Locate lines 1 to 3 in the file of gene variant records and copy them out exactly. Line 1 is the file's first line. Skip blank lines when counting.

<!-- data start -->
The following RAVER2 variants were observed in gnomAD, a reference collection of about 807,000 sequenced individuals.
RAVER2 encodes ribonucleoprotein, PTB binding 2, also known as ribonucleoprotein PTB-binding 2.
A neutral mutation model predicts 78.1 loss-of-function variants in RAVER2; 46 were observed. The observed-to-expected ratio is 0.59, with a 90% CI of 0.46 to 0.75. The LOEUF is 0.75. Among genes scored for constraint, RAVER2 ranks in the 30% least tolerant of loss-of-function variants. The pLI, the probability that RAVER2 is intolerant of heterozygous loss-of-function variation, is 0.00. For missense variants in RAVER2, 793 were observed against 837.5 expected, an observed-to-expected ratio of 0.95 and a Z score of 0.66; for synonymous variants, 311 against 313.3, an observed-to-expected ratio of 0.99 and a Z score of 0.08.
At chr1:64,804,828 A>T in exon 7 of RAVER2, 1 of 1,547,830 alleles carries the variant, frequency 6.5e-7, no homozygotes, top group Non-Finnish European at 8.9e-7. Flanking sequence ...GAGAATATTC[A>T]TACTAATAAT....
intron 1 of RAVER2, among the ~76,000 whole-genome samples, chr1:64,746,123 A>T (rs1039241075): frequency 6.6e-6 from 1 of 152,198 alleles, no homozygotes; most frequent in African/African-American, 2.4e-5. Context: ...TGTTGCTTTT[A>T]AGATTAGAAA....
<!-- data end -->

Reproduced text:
The following RAVER2 variants were observed in gnomAD, a reference collection of about 807,000 sequenced individuals.
RAVER2 encodes ribonucleoprotein, PTB binding 2, also known as ribonucleoprotein PTB-binding 2.
A neutral mutation model predicts 78.1 loss-of-function variants in RAVER2; 46 were observed. The observed-to-expected ratio is 0.59, with a 90% CI of 0.46 to 0.75. The LOEUF is 0.75. Among genes scored for constraint, RAVER2 ranks in the 30% least tolerant of loss-of-function variants. The pLI, the probability that RAVER2 is intolerant of heterozygous loss-of-function variation, is 0.00. For missense variants in RAVER2, 793 were observed against 837.5 expected, an observed-to-expected ratio of 0.95 and a Z score of 0.66; for synonymous variants, 311 against 313.3, an observed-to-expected ratio of 0.99 and a Z score of 0.08.